Considering the direction society has taken in the last 30 days—or should I say the direction that five members of the United States Supreme Court are dragging us—perhaps it is time to do some thinking.
Opining about the U. S. Supreme Court’s decision on homosexual “marriage,” Alabama’s Chief Justice Ray Moore said the decision was worse than the decision to uphold segregation because “it affects our entire system of morality and family values.”
At the time of the Plessy v. Ferguson decision, it was likely that morality and family values were assailed as well, though perhaps to a different degree. Nonetheless, Moore has a point. We live in troubled times.
In a recent article, columnist Phil Lawler responded to this quote by David Brooks of the New York Times: “Put aside a culture war that, at least over the near term, you are destined to lose.” This negative insight prompted Lawler to say,
Brooks makes a point of saying that he admires social conservatives, and wants to see them succeed. He thinks success would come easier if they stopped arguing about issues such as abortion and homosexuality—that is, if they stopped acting like social conservatives.
Brooks suggests that the movement should have an entirely new focus:
The defining face of social conservatism could be this: Those are the people who go into underprivileged areas and form organizations to help nurture stable families.
In other words, Brooks instructs us to stop worrying about the causes of moral decay and family breakdown, and concentrate on dealing with the results. To use a familiar image, we should spend our time fishing the drowning infants out of the stream—knowing all the while that we can’t save them all—instead of taking a walk upstream to try to stop the people who are throwing them in.
Reading this several times in order to get a good grasp on what Lawler was actually suggesting has led me to the same conclusion each time: We are the people of hope; we are not the people of settling. We will not be complacent with a little bit of abortion, a little bit of homosexual union, a little bit of contraception, or a little bit of anything else that defies the power of God.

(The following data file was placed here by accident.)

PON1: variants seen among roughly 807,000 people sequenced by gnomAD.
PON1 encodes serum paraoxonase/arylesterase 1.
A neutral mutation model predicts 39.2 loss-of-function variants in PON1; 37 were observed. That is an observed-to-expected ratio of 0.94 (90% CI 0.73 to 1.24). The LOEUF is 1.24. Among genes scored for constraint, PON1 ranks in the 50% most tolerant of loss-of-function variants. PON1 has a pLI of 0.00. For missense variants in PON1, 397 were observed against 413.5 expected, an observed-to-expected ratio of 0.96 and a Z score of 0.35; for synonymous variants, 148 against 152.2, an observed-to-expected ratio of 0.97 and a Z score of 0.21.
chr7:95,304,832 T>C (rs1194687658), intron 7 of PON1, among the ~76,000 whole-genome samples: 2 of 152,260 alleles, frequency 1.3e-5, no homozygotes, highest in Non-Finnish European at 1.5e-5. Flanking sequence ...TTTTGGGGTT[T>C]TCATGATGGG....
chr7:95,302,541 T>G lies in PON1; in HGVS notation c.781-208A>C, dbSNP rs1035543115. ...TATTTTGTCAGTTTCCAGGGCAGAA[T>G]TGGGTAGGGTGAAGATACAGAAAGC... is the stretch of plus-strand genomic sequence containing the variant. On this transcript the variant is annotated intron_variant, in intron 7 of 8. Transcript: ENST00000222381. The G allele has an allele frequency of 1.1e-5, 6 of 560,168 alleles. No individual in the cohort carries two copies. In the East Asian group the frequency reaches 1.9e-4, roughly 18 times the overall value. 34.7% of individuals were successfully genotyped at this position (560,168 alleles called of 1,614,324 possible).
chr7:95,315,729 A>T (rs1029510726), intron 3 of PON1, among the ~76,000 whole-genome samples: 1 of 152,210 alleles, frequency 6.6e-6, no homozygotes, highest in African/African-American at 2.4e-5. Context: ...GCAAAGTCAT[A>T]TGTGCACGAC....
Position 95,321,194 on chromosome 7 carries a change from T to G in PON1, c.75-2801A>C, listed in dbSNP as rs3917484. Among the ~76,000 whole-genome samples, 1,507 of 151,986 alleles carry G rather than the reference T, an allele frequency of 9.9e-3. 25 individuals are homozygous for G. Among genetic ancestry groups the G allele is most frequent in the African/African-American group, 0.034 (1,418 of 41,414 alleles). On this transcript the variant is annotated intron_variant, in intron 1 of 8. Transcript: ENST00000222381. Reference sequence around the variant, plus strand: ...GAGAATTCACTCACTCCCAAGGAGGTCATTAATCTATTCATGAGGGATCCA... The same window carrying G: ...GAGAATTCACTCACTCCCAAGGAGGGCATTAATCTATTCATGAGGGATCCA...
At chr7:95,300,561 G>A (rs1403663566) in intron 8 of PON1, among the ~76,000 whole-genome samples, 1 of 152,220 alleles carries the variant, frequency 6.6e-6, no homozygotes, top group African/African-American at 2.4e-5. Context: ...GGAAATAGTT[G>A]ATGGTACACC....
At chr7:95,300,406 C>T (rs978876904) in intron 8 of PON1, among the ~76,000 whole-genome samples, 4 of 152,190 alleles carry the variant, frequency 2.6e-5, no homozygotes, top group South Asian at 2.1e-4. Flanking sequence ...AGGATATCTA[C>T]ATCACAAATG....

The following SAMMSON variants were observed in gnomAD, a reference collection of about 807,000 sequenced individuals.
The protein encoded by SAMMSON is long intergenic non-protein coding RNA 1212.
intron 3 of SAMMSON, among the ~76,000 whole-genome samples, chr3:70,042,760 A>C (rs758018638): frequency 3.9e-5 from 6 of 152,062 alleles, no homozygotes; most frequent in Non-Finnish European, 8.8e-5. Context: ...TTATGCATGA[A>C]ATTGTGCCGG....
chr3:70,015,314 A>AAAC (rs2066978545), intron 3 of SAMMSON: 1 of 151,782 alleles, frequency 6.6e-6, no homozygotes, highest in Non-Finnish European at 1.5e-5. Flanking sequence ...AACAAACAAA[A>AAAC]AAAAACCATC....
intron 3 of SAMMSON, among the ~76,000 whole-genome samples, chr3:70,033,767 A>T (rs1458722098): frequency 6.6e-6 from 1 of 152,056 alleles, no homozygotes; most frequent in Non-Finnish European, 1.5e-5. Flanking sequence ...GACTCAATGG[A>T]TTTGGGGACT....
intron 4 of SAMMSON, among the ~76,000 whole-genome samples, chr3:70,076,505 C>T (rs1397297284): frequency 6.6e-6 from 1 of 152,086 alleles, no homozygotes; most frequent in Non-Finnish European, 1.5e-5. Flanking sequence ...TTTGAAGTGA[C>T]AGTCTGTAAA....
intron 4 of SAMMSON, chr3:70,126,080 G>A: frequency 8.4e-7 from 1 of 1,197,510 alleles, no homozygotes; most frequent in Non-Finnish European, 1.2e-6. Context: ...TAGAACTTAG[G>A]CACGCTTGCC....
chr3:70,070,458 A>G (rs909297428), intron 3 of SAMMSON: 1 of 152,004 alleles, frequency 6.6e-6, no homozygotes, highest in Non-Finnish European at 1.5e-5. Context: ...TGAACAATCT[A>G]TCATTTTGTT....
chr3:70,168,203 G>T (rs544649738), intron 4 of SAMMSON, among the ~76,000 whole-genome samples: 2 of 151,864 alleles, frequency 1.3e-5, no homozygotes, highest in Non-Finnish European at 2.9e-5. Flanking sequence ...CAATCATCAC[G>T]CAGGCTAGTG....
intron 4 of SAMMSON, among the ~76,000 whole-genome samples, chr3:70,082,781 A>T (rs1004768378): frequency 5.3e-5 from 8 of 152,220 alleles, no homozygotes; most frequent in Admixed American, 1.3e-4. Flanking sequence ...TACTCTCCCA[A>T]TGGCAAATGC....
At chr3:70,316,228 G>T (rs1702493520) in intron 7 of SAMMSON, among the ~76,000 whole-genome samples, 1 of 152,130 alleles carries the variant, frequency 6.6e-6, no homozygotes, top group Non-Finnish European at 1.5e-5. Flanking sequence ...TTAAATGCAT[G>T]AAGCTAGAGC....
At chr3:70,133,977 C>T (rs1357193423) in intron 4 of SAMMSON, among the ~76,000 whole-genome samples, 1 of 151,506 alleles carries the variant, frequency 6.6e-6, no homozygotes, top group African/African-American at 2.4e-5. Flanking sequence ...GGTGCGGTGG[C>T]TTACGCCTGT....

We are not here, involved in this struggle at this momentous time in history, to put bandages on a few little community problems here and there. We are here to press on, swimming upstream with every breath we have in us. Our goal is to stop the people who are tossing the lives, the souls, and the heart of the family into the grimy river of godlessness. How we do this requires creative thinking grounded in optimism of the kind the world cannot shatter.
We know the truth and should use it in ways that are not provocative, or as some have suggested, an automatic turnoff to the very people who are ignorant of truth, of the natural law, and of the ways of living that make people happy instead of troubled. Indeed, one Southern Baptist lecturer reminds us of something we must take to heart: “If you can’t do it with compassion, and gently, and leave the doors open for evangelism, boy, you destroy everything.”
Instead of being instruments of that type of destruction, let us follow the words of Pope Francis: “We evangelize not with grand words, or complicated concepts, but with the joy of the Gospel, which fills the hearts and lives of all who encounter Jesus.”
Plugging the cultural dam is not where we are going. We are going upstream to the devilish source and we will replace it with hope and joy!